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Ohangwena crisis: 9 077 teen pregnancies in 4 years

Written by on May 21, 2024

The Ohangwena region has recorded a total of 9 077 girls below the age of 19 who fell pregnant between January 2020 and April 2024.

The authorities in the region have described the situation as a crisis.

During the same period, 283 pregnant girls under the age of 14, with the youngest being nine, were recorded.

These statistics were released by the region’s chief health programme officer for family health, Angolo Angolo, during the regional intergenerational parents and young people dialogue at Eenhana on Thursday.

The dialogue was organised by the Regain Trust as part of the United Nation’s Population Fund project.

The programme touched on topics that affect young school-going individuals, such as rape and pregnancy.

Angolo said teenage pregnancy statics in the region are alarming.

“These are alarming statistics and they place the region at number one where teenage pregnancy is concerned,” he said.

Angolo highlighted neglect by parents and guardians as one of the main factors that lead to teenage pregnancy, followed by poverty.

“You will find that some of these children are put up in shacks to be near the schools and there they don’t have proper guidance, they are left to themselves. This is poor care from the parents. Children are not advised, even when they are at home with their parents, they live as though they are on their own. Parents are allowing children to head households, because they spend their time either running their cucashop businesses or they are spending time drinking at cucashops,” said Angolo.

Speaking at the same occasion, Adelaide Hamukwaya from the Ministry of Gender Equality, Poverty Eradication and Social Welfare said there is a need to continue raising awareness on issues of teenage pregnancy and rape by involving not only government stakeholders, but parents and the communities at large.

“Parents should take awareness meetings and campaigns seriously. They don’t attend meetings and that’s why you find that for most of these kids who are reported to be sexually assaulted, it is often done within the confinements of their homes, where they should be safe, and it is done by family members,” said Hamukwaya.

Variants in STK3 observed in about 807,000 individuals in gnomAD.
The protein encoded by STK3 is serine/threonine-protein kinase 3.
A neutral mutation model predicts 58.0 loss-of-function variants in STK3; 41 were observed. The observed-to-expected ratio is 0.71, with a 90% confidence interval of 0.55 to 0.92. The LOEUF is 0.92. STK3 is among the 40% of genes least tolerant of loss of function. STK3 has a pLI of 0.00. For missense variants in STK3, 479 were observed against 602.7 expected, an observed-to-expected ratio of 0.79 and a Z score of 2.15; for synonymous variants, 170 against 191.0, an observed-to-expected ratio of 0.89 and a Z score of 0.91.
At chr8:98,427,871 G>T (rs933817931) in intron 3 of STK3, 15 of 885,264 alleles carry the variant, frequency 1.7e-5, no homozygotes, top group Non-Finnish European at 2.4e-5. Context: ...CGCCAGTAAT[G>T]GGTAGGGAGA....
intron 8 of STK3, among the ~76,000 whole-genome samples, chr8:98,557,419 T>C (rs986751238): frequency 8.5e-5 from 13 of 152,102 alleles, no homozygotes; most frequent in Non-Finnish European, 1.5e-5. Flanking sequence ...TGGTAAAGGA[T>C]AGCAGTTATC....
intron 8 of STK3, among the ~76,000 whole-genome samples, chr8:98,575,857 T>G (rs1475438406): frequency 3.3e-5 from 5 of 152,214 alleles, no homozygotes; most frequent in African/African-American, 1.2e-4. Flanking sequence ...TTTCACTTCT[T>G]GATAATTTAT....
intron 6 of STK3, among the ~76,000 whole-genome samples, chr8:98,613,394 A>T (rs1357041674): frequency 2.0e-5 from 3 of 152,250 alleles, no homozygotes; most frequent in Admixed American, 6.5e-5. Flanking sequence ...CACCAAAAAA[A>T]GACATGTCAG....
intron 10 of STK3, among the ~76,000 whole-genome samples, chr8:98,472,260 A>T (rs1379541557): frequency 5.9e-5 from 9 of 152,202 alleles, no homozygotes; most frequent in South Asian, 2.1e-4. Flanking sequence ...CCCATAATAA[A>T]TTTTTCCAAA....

Meanwhile, Ohangwena region governor Sebastian Ndeitunga said teenage pregnancy leads to increased school drop-out rates, concerning not only his office but the regional government as well.

“The issue of the high rate of teenage pregnancies in the Ohangwena region is concerning and, as leaders and stakeholders, we have to sit down and think very hard about finding appropriate mechanisms to address this issue,” said Ndeitunga.


Sanet Steenkamp

Executive director of education, arts and culture Sanet Steenkamp says there is a difference between the data on teenage pregnancy captured by the education ministry and the Ministry of Health and Social Services, adding that teenage pregnancy is a national concern.

“We look at the reasons given as to why children leave school. Teenage pregnancy is a national concern, as well as issues of incest, rape and sexual violence. We have seen that the sexual debut for children, their first sexual experience, is at 13 years of age in Namibia and research has found that it’s mostly because of coercion and violence, sexual violence,” says Steenkamp.

“One child pregnant, is one child too many. We have programmes that we put in schools, but it just appears that we need to go back to the drawing board,” she says.

The post Ohangwena crisis: 9 077 teen pregnancies in 4 years appeared first on The Namibian.

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